steatosis


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degeneration

 [de-gen″ĕ-ra´shun]
deterioration; change from a higher to a lower form, especially change of tissue to a lower or less functionally active form. When there is chemical change of the tissue itself, it is true degeneration; when the change consists in the deposit of abnormal matter in the tissues, it is infiltration. adj., adj degen´erative.
caseous degeneration caseation (def. 2).
cerebromacular degeneration (cerebroretinal degeneration)
1. degeneration of brain cells and of the macula retinae, as occurs in tay-sachs disease.
2. any lipidosis with cerebral lesions and degeneration of the retinal macula.
colloid degeneration degeneration with conversion of the tissues into a gelatinous or gumlike material.
cystic degeneration degeneration with formation of cysts.
fatty degeneration deposit of fat globules in a tissue.
fibroid degeneration degeneration of a leiomyoma with subsequent fibrosis.
hepatolenticular degeneration Wilson's disease.
hyaline degeneration a regressive change in cells in which the cytoplasm takes on a homogeneous, glassy appearance; also used loosely to describe the histologic appearance of tissues.
hydropic degeneration a form in which the epithelial cells absorb much water.
lattice degeneration of retina a frequently bilateral, usually benign asymptomatic condition, characterized by patches of fine gray or white lines that intersect at irregular intervals in the peripheral retina, usually associated with numerous, round, punched-out areas of retinal thinning or retinal holes.
macular degeneration see macular degeneration.
macular degeneration, congenital see stargardt's disease.
macular degeneration, Stargardt's stargardt's disease.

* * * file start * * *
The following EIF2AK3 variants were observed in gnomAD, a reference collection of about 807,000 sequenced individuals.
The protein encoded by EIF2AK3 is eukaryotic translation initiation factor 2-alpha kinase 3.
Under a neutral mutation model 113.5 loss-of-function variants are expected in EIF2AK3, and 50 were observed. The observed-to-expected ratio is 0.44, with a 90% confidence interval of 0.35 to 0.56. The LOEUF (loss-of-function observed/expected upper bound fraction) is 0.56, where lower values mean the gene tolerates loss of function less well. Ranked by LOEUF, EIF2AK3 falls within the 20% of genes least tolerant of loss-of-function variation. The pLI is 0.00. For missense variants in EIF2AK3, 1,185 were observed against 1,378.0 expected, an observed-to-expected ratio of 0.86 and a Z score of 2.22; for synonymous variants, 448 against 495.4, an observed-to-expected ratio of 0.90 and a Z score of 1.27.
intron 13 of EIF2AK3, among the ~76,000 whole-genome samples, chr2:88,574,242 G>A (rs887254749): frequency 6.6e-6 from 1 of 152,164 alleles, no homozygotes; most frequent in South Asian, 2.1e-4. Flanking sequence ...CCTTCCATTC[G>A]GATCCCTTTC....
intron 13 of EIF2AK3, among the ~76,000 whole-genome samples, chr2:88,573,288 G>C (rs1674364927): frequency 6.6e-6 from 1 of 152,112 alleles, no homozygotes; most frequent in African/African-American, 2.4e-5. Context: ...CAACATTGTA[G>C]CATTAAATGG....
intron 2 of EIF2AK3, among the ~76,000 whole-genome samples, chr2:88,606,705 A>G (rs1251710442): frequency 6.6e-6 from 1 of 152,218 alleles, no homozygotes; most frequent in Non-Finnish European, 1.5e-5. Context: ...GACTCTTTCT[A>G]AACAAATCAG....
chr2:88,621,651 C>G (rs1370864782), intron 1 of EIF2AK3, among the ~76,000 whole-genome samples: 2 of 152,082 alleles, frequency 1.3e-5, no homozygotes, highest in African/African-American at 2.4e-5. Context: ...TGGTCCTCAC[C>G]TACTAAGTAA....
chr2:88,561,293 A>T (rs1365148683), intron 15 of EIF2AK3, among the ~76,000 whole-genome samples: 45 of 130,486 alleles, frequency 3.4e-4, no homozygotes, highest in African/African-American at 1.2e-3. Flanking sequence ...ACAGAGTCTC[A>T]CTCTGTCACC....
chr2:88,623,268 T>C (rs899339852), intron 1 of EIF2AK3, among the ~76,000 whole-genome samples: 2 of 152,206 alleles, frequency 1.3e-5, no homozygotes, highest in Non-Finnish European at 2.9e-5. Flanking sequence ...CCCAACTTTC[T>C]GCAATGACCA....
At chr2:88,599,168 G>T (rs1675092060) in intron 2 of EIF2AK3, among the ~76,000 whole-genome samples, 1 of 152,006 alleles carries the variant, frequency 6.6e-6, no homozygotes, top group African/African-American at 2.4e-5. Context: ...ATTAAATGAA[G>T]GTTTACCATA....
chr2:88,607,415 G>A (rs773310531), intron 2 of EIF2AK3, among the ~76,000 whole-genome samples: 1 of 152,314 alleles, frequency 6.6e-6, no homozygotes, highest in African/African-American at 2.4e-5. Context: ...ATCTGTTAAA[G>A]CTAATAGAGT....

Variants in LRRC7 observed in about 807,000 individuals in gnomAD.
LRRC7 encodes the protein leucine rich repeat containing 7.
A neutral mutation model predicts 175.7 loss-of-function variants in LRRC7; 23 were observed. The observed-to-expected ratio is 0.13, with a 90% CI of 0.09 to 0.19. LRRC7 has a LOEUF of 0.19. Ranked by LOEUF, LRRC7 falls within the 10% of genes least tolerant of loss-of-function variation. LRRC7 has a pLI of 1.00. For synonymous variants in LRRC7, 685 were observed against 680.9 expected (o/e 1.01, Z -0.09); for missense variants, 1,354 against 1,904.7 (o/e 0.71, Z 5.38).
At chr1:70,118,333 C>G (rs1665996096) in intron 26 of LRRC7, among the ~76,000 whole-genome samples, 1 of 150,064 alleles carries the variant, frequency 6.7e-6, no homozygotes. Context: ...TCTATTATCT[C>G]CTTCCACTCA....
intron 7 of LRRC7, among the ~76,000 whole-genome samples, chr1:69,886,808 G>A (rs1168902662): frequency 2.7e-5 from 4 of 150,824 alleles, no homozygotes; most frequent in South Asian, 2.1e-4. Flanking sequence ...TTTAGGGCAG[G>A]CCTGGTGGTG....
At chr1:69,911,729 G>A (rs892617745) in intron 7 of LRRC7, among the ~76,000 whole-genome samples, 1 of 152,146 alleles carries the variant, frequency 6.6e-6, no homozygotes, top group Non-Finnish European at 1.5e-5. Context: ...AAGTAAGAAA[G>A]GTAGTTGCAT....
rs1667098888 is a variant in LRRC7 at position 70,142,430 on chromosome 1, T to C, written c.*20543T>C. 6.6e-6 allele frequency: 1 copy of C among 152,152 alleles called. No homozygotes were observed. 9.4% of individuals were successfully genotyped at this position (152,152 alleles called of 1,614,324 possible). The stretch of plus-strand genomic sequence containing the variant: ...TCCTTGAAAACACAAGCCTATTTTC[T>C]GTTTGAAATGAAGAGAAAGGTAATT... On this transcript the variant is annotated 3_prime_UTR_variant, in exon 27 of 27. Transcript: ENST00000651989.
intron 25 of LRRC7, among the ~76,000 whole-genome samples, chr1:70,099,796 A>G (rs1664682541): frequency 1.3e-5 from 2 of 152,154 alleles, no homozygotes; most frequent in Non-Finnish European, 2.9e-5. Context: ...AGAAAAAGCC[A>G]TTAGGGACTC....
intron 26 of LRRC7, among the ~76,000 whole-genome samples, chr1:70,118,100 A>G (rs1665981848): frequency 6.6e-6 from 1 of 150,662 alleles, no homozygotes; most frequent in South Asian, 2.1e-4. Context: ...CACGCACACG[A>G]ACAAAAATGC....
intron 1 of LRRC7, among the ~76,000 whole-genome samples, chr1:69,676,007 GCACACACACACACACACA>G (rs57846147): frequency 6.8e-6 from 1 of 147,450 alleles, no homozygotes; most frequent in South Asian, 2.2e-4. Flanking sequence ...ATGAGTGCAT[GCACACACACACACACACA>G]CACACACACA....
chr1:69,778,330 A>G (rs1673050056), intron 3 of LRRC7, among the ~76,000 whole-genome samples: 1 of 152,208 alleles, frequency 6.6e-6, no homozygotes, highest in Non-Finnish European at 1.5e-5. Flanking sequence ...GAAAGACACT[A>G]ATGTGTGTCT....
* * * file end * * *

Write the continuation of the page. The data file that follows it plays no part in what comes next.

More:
mucoid degeneration degeneration with deposit of myelin and lecithin in the cells.
mucous degeneration degeneration with accumulation of mucus in epithelial tissues.
myofibrillar degeneration damage to selective cardiac cells when surrounding interstitial cells, nerves, and capillaries remain viable.
myxomatous degeneration mucous degeneration.
spongy degeneration of central nervous system (spongy degeneration of white matter) Canavan disease.
subacute combined degeneration of spinal cord degeneration of both the posterior and lateral columns of the spinal cord, producing various motor and sensory disturbances; it is due to vitamin B12 deficiency and is usually associated with pernicious anemia. Called also Lichtheim's or Putnam-Dana syndrome.
wallerian degeneration fatty degeneration of a nerve fiber that has been severed from its nutritive source.
Zenker's degeneration Zenker's necrosis.
Miller-Keane Encyclopedia and Dictionary of Medicine, Nursing, and Allied Health, Seventh Edition. © 2003 by Saunders, an imprint of Elsevier, Inc. All rights reserved.

ad·i·po·sis

(ad-i-pō'sis),
Excessive local or general accumulation of fat in the body.
Synonym(s): lipomatosis, liposis (1) , steatosis (1)
[adipo- + G. -osis, condition]
Farlex Partner Medical Dictionary © Farlex 2012

steatosis

(stē′ə-tō′sĭs)
The American Heritage® Medical Dictionary Copyright © 2007, 2004 by Houghton Mifflin Company. Published by Houghton Mifflin Company. All rights reserved.

steatosis